Who knew years ago that the funny Scottish man who drew sardonic urban cartoons on business cards and grooved to Django Reinhardt would be a web 2.0 prophet today?
Hugh and I met in the fall of 1989 as the two newest employees of the Leo Burnett company in Chicago. Hugh had just graduated from the University of Texas and I was about ten years into a fairly successful advertising career. Our day of company orientation included hours of scintillating explanations of insurance plans, profit sharing plans and of course, an in-depth analysis of the ever important employee handbook. We didn't give a fuck about any of it and spent most of the day cutting up, asking inane questions and marveling at the sincerity with which our sophomoric behaviour was being responded to. The day culminated with a showing of Leo Burnett's now famous retirement speech, "When To Take My Name Off The Door". You can see it here:
And with that speech, we were actually inspired. Behind the mahogany veneered walls and shiny conference tables, here was something we could sink our teeth into. Common sense, uncommon honesty and heartfelt passion for the business of creating something. I've heard it said that in terms of people's respect for certain professions, that advertising people rate just above used car salesmen and somewhere below lawyers, but here was a man you could believe in. Too bad he was dead.
Hugh and I would work together for the next few years. At lunchtime we'd grab a sandwich and head for the Jazz Record Mart in The Loop, still the largest jazz record store in the world. The storefront was a small deceiving dusty affair with just a few rows of racks of old LPs and a tiny selection of CDs. But through the curtain on the back wall was a cavernous room with tens of thousands of records of all shapes and sizes. They even had LPs that were nearly a metre in diameter, commissioned by the US Army for use on Jeep-mounted turntables with overhead loudspeakers on the rollbar. These records were only grooved on one side with the theory being that nobody had time to turn a record over on the battlefield. The size was simply to insure the longest play possible.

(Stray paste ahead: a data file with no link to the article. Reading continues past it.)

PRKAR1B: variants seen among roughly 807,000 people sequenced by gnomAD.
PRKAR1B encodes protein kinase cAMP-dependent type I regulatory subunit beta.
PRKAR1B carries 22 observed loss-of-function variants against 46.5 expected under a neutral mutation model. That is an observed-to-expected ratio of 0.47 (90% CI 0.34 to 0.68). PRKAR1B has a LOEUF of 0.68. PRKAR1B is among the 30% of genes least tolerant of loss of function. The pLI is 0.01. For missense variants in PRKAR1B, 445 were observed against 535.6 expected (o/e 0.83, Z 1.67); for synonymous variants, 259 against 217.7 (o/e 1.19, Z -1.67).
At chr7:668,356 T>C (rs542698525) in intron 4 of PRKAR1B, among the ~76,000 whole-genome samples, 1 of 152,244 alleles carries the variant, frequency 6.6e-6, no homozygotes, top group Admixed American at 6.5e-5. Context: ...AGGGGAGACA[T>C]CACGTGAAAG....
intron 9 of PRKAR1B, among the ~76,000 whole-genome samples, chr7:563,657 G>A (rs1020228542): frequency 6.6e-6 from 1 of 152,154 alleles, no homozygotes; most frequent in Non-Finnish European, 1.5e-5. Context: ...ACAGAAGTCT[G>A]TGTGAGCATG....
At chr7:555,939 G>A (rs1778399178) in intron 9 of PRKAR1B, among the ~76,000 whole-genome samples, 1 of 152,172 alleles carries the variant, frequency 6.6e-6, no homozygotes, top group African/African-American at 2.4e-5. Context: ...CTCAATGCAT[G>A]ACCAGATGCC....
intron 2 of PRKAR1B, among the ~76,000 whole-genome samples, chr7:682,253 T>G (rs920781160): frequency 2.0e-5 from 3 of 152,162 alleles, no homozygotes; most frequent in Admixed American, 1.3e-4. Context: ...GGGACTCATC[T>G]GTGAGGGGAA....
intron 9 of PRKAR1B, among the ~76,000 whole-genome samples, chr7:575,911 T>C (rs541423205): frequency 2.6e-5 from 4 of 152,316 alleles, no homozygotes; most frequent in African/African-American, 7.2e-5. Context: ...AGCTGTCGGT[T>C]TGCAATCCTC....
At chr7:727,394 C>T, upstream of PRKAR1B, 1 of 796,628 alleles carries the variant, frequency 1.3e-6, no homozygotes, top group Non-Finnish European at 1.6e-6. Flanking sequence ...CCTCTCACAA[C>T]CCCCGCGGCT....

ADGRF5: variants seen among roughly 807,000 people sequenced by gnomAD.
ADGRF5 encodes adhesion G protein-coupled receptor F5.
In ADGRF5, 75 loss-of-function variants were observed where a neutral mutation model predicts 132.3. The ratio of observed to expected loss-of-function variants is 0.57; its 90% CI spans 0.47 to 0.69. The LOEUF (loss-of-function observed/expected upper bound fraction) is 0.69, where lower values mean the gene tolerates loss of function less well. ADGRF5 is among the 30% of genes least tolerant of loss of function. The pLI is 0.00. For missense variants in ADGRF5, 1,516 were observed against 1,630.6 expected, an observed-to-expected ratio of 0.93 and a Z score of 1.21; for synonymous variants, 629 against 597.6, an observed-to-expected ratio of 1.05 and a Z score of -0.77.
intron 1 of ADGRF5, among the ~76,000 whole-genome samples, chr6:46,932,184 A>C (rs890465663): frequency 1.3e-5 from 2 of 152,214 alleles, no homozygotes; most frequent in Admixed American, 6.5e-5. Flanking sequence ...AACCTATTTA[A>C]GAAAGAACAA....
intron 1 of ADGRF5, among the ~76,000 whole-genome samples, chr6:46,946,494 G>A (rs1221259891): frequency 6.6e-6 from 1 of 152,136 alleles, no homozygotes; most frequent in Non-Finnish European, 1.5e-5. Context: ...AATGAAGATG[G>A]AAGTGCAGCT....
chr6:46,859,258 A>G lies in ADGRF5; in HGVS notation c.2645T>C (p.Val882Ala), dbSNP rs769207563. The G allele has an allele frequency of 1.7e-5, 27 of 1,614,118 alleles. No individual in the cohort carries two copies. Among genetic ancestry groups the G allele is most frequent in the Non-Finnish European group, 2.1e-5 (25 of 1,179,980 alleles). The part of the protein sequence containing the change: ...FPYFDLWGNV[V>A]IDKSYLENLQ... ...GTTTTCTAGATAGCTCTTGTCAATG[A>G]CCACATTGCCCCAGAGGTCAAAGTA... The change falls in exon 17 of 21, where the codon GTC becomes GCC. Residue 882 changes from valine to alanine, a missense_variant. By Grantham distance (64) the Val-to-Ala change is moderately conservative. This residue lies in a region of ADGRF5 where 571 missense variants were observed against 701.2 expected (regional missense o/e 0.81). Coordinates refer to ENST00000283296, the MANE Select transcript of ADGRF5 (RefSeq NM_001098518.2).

Hugh was a huge jazz fan, his father having been one as well, and probably taught me more on the subject than anyone previously. But all along were the cartoons on the business cards. They were an integral part of Hugh. Sarcastic, sardonic, enlightening and decidedly un-PC in the ultra conservative environment of the Leo Burnett Company. Remember, this is the company that created the Jolly Green Giant, not the Blue Monster of www.Gapingvoid.com fame.
What the fuck were we doing there? Both of us were fairly well known for throwing shit in the company's face whenever given the chance and did so routinely, because that was actually our job. I am convinced to this day that companies in the precarious predicament that Leo Burnett was in, in the 1990s need to hire people who will come in and shake the tree.
From Wild Wild East:
"Burnett would struggle in the years after that, loosing client upon client, all for different reasons, but the message was clear: this was a company tied to the images of the Marlboro Man and the Keebler Elves struggling to come to grips with a vision and technology that was much more Mario and Pokemon."
I told people for years that my job was to be the exact opposite of everyone else at the agency, that by sheer force of individuality and a measured detachment I provided a service that they desperately needed – objectivity. But it's hard to maintain that kind of freedom once you become part of an organization because the organization won't let you. They hire you because your are different but then try to make you the same as they are. This is pure organizational psychology. There is little one can do about it – within the organization, that is.
Hugh and I continued to work at Burnett for the next few years. In the mid 90s I headed for Korea and Hugh moved to New York. After a year and a half in Korea, I started my own agency there and Hugh continued on the cartoons. in NYC. As fellow geeks I'm happy that technology has allowed us to keep in touch and stay creative.
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